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  1. 7.7 hrs • 9/13/2016 • Unabridged

    When New Yorker staff writer Lauren Collins moves to Geneva, Switzerland, she decides to learn French—not just to be able to go about her day-to-day life, but in order to be closer to her French husband and his family. When in French is at once a hilarious and idiosyncratic memoir about the things we do for love, and an exploration across cultures and history into how we learn languages, and what they say about who we are. In her late twenties, Lauren Collins moved to London, and fell in love with, and married, Olivier, a handsome French mathematician. When he has to relocate to Geneva for his work, she decides to go with him. In Geneva, however, Lauren is lost for words, literally: not only can she not communicate to the local chimney-sweep when he visits, but, watching Olivier converse fluently in French every day, she is also made painfully aware that she has never really spoken to her husband in his own language. She can say, “au revoir” and “bonjour” but that’s about it. “Hello and goodbye were a pair of bookends,” she writes, “propping up a vast library of blank volumes, void almanacs, novels full of sentiment I couldn’t apprehend.” What will happen when she has children? she wonders. If they grow up speaking French, will they be stuck with a “Borat of a mother” who can’t properly understand them? So she embarks on a quest to learn French, and, in doing so, must tangle with the intricacies of French culture—which, it turns out, is a far cry from family life back home in North Carolina. Down the rabbit hole of French Collins hurtles; role-playing with her classmates at language school; coming to terms with antique French social customs; accidently writing explicit “thank you” notes to her French in-laws; and delving into the strange and wonderful history of humanity’s many forms of language. When in French is a moving, laugh-out-loud funny memoir about falling in love, learning another language, and living far from home, as well as a freewheeling history of language. Collins investigates, among other things, how children acquire speech, the history of the idea of “American” as its own language, and why we don’t trust people who adopt accents. (Her own father takes on a southern accent after moving to North Carolina, much to her mother’s chagrin.) Plumbing the depths of the mysteries of foreign languages, Collins confesses—with style, sparkling humor, and touching honesty—to the frustrations, pleasures, surprises, and, finally, satisfactions of learning French.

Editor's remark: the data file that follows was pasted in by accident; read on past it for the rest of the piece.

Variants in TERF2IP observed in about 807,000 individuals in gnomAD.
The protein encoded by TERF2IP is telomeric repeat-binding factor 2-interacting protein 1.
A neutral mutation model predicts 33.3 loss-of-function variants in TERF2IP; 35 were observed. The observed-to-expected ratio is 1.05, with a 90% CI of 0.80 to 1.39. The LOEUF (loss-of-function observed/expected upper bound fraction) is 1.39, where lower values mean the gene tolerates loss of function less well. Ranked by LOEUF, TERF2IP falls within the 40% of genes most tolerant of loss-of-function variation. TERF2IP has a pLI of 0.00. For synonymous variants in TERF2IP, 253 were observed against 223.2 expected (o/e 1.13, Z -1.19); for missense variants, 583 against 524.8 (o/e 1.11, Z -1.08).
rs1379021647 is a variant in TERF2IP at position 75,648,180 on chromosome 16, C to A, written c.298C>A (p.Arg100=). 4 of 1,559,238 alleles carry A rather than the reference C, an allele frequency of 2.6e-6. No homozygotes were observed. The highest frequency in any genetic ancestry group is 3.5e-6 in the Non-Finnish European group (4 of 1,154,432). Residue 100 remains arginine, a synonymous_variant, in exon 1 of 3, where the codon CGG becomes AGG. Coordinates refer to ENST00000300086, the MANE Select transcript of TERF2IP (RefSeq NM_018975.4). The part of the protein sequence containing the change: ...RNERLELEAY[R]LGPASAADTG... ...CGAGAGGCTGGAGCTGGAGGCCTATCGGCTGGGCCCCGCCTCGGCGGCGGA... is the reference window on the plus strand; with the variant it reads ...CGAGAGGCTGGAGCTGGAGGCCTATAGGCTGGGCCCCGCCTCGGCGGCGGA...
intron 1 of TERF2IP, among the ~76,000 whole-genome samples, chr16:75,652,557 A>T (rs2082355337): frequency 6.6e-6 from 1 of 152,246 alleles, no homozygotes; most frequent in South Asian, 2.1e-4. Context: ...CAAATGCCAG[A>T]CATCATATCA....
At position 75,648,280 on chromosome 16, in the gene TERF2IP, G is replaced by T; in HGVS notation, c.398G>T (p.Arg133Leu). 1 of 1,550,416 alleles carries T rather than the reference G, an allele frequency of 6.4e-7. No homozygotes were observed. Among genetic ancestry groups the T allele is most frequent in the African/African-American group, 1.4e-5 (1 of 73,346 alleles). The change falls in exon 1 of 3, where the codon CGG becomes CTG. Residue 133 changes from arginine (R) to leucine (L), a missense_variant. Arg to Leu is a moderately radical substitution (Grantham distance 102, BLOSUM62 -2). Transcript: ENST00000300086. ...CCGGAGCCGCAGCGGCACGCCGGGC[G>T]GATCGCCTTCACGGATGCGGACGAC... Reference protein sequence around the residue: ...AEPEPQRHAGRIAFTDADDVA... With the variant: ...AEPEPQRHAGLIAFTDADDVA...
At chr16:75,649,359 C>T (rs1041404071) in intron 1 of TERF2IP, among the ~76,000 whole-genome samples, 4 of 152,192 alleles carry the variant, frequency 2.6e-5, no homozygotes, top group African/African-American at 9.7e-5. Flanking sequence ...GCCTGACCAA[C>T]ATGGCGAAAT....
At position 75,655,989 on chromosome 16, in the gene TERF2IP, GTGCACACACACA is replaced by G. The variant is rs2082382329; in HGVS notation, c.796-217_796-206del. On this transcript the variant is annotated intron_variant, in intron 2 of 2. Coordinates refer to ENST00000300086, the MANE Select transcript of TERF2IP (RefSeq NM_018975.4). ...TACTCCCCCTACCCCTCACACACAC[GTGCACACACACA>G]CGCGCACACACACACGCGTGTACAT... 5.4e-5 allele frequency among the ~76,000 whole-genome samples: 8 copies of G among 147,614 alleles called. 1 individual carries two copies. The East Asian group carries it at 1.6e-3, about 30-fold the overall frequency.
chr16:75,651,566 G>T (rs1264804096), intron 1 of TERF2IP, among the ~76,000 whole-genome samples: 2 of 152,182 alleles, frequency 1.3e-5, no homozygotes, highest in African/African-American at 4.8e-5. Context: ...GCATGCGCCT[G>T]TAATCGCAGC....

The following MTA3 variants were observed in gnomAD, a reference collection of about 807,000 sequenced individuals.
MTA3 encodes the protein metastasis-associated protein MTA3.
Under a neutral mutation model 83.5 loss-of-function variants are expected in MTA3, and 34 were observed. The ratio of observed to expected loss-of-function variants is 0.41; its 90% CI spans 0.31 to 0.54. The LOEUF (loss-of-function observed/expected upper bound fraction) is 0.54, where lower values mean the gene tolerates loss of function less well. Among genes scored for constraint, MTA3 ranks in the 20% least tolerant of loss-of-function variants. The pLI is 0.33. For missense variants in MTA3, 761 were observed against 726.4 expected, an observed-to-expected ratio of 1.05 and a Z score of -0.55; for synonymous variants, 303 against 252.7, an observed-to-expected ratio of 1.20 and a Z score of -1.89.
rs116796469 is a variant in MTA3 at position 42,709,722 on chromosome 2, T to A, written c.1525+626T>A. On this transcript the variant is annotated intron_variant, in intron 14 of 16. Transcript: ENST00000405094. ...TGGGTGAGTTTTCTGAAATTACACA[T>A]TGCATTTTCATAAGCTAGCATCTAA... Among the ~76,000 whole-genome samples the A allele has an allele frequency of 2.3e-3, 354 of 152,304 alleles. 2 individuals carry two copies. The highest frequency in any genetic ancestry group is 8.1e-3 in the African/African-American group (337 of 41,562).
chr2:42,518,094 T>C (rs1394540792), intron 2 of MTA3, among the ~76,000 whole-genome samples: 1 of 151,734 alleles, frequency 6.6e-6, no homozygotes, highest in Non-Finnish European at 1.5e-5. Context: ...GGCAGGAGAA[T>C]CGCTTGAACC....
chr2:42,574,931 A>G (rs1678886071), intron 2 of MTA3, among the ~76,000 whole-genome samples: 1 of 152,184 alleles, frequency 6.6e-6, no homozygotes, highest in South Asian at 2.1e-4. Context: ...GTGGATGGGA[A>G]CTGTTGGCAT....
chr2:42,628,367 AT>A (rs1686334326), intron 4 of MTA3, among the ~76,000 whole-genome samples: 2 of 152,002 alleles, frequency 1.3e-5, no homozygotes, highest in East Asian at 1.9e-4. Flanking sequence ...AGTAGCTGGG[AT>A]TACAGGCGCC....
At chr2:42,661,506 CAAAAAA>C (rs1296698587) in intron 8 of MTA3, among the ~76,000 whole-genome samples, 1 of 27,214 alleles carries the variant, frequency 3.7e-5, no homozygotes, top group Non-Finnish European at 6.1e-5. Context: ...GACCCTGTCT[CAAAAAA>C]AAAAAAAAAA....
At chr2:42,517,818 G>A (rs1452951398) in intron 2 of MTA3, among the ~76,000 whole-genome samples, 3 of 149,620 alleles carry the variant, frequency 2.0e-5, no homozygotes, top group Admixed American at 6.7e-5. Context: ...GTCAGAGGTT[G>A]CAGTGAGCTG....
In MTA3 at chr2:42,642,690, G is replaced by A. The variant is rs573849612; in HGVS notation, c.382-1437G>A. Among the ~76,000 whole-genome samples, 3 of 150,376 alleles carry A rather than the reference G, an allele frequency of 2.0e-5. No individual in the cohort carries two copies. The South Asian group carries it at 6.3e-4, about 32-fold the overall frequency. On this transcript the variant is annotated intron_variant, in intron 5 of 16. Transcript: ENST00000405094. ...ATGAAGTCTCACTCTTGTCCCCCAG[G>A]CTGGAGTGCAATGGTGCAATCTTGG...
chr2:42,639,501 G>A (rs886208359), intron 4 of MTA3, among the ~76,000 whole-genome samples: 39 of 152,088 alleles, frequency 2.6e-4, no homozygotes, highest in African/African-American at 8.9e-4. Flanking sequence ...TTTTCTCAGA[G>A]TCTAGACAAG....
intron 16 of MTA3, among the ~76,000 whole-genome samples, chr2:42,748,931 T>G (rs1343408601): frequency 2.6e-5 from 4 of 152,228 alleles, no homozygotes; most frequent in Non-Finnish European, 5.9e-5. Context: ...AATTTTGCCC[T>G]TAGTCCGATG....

Available Formats: CD, Download

    When in French

    7.7 hrs • 9/13/16 • Unabridged
    Also: Download
  2. 6.5 hrs • 5/24/2016 • Unabridged

    Joining the ranks of Let’s Pretend This Never Happened and Carry On, Warrior, a fierce, hysterically funny memoir that reminds us that comedy equals tragedy plus time. Twentysomething Nora McInerny Purmort bounced from boyfriend to boyfriend and job to job. Then she met Aaron, a charismatic art director and her kindred spirit. They made mix tapes (and pancakes) into the wee hours of the morning. They finished each other’s sentences. They just knew. When Aaron was diagnosed with a rare brain cancer, they refused to let it limit their love. They got engaged on Aaron’s hospital bed and married after his first surgery. They had a baby when he was on chemo. They shared an amazing summer filled with happiness and laughter. A few months later, Aaron died in Nora’s arms in another hospital bed. His wildly creative obituary, which they wrote together, touched the world. Now, Nora shares hysterical, moving, and painfully honest stories about her journey with Aaron. It’s Okay to Laugh explores universal themes of love, marriage, work, (single) motherhood, and depression through her refreshingly frank viewpoint. A love letter to life, in all of its messy glory, and what it’s like to still be kickin’, It’s Okay to Laugh is like a long chat with a close friend over a cup of coffee (or chardonnay).